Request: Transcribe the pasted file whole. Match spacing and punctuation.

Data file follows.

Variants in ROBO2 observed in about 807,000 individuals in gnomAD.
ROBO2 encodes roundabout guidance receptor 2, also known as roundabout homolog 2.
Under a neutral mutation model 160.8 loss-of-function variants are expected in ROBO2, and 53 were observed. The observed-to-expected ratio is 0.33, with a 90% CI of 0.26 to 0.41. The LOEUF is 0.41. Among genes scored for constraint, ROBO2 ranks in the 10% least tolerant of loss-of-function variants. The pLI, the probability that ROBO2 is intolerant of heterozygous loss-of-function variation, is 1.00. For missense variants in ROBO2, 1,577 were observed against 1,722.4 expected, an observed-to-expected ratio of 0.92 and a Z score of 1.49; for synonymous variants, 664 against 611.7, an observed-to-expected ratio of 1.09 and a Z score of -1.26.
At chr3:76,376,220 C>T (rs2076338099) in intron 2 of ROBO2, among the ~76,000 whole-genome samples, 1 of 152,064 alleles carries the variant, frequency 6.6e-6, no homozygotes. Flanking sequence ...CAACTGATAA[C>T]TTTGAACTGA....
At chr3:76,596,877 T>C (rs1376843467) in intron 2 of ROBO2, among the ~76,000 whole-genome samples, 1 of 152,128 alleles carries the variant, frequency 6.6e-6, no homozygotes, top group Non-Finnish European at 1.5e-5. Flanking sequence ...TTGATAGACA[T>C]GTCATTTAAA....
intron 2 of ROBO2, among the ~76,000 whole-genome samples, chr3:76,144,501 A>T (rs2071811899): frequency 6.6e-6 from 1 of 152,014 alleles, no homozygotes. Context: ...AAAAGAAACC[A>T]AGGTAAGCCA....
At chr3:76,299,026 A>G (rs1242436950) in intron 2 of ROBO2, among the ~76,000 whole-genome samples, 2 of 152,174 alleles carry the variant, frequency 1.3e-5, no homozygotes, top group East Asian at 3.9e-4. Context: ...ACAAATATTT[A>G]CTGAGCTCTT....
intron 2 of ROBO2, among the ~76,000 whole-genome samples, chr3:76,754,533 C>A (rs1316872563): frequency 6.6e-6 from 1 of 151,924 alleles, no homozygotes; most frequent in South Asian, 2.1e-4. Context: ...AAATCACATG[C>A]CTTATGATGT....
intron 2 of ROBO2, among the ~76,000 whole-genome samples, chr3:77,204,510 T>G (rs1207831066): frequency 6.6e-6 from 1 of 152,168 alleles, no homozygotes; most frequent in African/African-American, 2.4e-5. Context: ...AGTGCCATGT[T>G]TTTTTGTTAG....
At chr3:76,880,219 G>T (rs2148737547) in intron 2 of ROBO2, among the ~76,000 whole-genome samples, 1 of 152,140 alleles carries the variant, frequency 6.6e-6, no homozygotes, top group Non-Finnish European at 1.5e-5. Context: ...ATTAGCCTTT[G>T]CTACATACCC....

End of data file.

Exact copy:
Variants in ROBO2 observed in about 807,000 individuals in gnomAD.
ROBO2 encodes roundabout guidance receptor 2, also known as roundabout homolog 2.
Under a neutral mutation model 160.8 loss-of-function variants are expected in ROBO2, and 53 were observed. The observed-to-expected ratio is 0.33, with a 90% CI of 0.26 to 0.41. The LOEUF is 0.41. Among genes scored for constraint, ROBO2 ranks in the 10% least tolerant of loss-of-function variants. The pLI, the probability that ROBO2 is intolerant of heterozygous loss-of-function variation, is 1.00. For missense variants in ROBO2, 1,577 were observed against 1,722.4 expected, an observed-to-expected ratio of 0.92 and a Z score of 1.49; for synonymous variants, 664 against 611.7, an observed-to-expected ratio of 1.09 and a Z score of -1.26.
At chr3:76,376,220 C>T (rs2076338099) in intron 2 of ROBO2, among the ~76,000 whole-genome samples, 1 of 152,064 alleles carries the variant, frequency 6.6e-6, no homozygotes. Flanking sequence ...CAACTGATAA[C>T]TTTGAACTGA....
At chr3:76,596,877 T>C (rs1376843467) in intron 2 of ROBO2, among the ~76,000 whole-genome samples, 1 of 152,128 alleles carries the variant, frequency 6.6e-6, no homozygotes, top group Non-Finnish European at 1.5e-5. Flanking sequence ...TTGATAGACA[T>C]GTCATTTAAA....
intron 2 of ROBO2, among the ~76,000 whole-genome samples, chr3:76,144,501 A>T (rs2071811899): frequency 6.6e-6 from 1 of 152,014 alleles, no homozygotes. Context: ...AAAAGAAACC[A>T]AGGTAAGCCA....
At chr3:76,299,026 A>G (rs1242436950) in intron 2 of ROBO2, among the ~76,000 whole-genome samples, 2 of 152,174 alleles carry the variant, frequency 1.3e-5, no homozygotes, top group East Asian at 3.9e-4. Context: ...ACAAATATTT[A>G]CTGAGCTCTT....
intron 2 of ROBO2, among the ~76,000 whole-genome samples, chr3:76,754,533 C>A (rs1316872563): frequency 6.6e-6 from 1 of 151,924 alleles, no homozygotes; most frequent in South Asian, 2.1e-4. Context: ...AAATCACATG[C>A]CTTATGATGT....
intron 2 of ROBO2, among the ~76,000 whole-genome samples, chr3:77,204,510 T>G (rs1207831066): frequency 6.6e-6 from 1 of 152,168 alleles, no homozygotes; most frequent in African/African-American, 2.4e-5. Context: ...AGTGCCATGT[T>G]TTTTTGTTAG....
At chr3:76,880,219 G>T (rs2148737547) in intron 2 of ROBO2, among the ~76,000 whole-genome samples, 1 of 152,140 alleles carries the variant, frequency 6.6e-6, no homozygotes, top group Non-Finnish European at 1.5e-5. Context: ...ATTAGCCTTT[G>T]CTACATACCC....